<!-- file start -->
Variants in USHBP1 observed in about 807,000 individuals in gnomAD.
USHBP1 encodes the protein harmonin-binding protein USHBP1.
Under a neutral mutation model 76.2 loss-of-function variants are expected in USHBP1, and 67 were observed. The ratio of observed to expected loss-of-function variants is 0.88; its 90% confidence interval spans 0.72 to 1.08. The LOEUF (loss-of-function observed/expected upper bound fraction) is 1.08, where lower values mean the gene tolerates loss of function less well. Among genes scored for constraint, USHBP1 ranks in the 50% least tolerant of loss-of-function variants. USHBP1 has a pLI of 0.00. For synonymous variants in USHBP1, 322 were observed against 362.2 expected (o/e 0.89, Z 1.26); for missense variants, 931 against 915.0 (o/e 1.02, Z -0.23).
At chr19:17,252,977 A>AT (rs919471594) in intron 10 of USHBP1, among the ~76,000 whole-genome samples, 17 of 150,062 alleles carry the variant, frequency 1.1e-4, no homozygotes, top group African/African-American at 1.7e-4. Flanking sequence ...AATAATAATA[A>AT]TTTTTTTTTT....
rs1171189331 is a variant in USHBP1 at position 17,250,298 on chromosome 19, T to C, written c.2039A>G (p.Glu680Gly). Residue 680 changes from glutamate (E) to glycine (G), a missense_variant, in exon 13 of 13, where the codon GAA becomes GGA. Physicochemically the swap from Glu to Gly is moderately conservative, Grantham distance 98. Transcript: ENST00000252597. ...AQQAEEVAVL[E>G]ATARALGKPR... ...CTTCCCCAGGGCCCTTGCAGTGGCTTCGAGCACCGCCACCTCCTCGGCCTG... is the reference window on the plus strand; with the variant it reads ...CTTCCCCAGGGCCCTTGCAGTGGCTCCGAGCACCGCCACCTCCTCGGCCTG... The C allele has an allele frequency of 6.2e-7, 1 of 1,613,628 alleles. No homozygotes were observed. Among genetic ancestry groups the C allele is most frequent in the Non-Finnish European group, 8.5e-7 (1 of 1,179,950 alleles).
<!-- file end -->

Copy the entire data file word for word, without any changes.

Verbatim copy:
Variants in USHBP1 observed in about 807,000 individuals in gnomAD.
USHBP1 encodes the protein harmonin-binding protein USHBP1.
Under a neutral mutation model 76.2 loss-of-function variants are expected in USHBP1, and 67 were observed. The ratio of observed to expected loss-of-function variants is 0.88; its 90% confidence interval spans 0.72 to 1.08. The LOEUF (loss-of-function observed/expected upper bound fraction) is 1.08, where lower values mean the gene tolerates loss of function less well. Among genes scored for constraint, USHBP1 ranks in the 50% least tolerant of loss-of-function variants. USHBP1 has a pLI of 0.00. For synonymous variants in USHBP1, 322 were observed against 362.2 expected (o/e 0.89, Z 1.26); for missense variants, 931 against 915.0 (o/e 1.02, Z -0.23).
At chr19:17,252,977 A>AT (rs919471594) in intron 10 of USHBP1, among the ~76,000 whole-genome samples, 17 of 150,062 alleles carry the variant, frequency 1.1e-4, no homozygotes, top group African/African-American at 1.7e-4. Flanking sequence ...AATAATAATA[A>AT]TTTTTTTTTT....
rs1171189331 is a variant in USHBP1 at position 17,250,298 on chromosome 19, T to C, written c.2039A>G (p.Glu680Gly). Residue 680 changes from glutamate (E) to glycine (G), a missense_variant, in exon 13 of 13, where the codon GAA becomes GGA. Physicochemically the swap from Glu to Gly is moderately conservative, Grantham distance 98. Transcript: ENST00000252597. ...AQQAEEVAVL[E>G]ATARALGKPR... ...CTTCCCCAGGGCCCTTGCAGTGGCTTCGAGCACCGCCACCTCCTCGGCCTG... is the reference window on the plus strand; with the variant it reads ...CTTCCCCAGGGCCCTTGCAGTGGCTCCGAGCACCGCCACCTCCTCGGCCTG... The C allele has an allele frequency of 6.2e-7, 1 of 1,613,628 alleles. No homozygotes were observed. Among genetic ancestry groups the C allele is most frequent in the Non-Finnish European group, 8.5e-7 (1 of 1,179,950 alleles).